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G.R. No. 106720; September 15, 1994
Facts: The holographic will of the deceased was sought to be probated and the RTC ordered its
probate. However, on appeal to the CA, it was denied probate because of certain dispositions in
the will which were either unsigned and undated, or signed but not dated. It also found that the
erasures, alterations and cancellations made thereon had not been authenticated by decedent.
Issue: Are the aforementioned reasons sufficient to deny probate?
Ruling: No. The grounds for denial under Art. 839 are exclusive; hence no other ground can
serve to disallow a will.
In the case of holographic wills, what assures authenticity is the requirement that they be totally
autographic or handwritten by the testator himself, as provided under Article 810. A person may
execute a holographic will which must be entirely written, dated, and signed by the hand of the
testator himself. It is subject to no other form, and may be made in or out of the Philippines, and
need not be witnessed.
Failure to strictly observe other formalities will not result in the disallowance of a holographic
will that is unquestionably handwritten by the testator. Article 813 of the New Civil Code shows
that its requirement affects the validity of the dispositions contained in the holographic will, but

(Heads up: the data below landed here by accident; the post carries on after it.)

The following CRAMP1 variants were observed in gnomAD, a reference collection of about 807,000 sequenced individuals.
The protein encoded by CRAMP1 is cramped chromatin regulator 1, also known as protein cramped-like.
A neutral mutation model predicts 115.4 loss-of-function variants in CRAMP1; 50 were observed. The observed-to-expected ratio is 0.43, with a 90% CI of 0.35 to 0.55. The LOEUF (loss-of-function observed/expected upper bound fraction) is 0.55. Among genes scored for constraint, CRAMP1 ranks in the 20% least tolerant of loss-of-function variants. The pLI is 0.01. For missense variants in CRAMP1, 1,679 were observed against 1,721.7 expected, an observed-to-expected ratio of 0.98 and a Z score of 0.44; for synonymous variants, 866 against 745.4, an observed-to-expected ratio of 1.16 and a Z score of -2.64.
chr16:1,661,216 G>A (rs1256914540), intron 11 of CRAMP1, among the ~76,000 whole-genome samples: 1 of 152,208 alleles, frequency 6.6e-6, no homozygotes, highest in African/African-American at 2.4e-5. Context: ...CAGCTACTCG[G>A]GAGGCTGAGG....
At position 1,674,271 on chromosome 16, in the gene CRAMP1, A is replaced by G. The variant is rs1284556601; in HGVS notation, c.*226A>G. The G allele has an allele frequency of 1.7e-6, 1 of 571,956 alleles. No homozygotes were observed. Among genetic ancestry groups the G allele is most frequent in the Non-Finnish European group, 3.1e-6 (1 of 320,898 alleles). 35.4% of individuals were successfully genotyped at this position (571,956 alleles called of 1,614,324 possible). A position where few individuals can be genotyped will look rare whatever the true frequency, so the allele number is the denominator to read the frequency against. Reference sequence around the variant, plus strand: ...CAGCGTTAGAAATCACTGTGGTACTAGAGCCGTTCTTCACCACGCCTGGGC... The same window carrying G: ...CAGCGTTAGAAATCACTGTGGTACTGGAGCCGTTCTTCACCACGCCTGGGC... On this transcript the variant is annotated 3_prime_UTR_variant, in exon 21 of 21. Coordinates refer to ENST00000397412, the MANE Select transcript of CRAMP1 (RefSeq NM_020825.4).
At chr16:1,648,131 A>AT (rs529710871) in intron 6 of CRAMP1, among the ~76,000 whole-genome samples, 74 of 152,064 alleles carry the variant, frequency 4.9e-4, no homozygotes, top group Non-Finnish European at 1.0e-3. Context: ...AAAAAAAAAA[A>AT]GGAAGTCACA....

not its probate. If the testator fails to sign and date some of the dispositions, the result is that
these dispositions cannot be effectuated. Such failure, however, does not render the whole
testament void.
Likewise, a holographic will can still be admitted to probate, notwithstanding non-compliance
with the provisions of Article 814. Ordinarily, when a number of erasures, corrections, and
interlineations made by the testator in a holographic Will have not been noted under his
signature, the Will is not thereby invalidated as a whole, but at most only as respects the
particular words erased, corrected or interlined.
Thus, unless the unauthenticated alterations, cancellations or insertions were made on the date of
the holographic will or on testator's signature, their presence does not invalidate the will itself.
The lack of authentication will only result in disallowance of such changes.
It is also proper to note that the requirements of authentication of changes and signing and dating
of dispositions appear in provisions (Articles 813 and 814) separate from that which provides for
the necessary conditions for the validity of the holographic will (Article 810).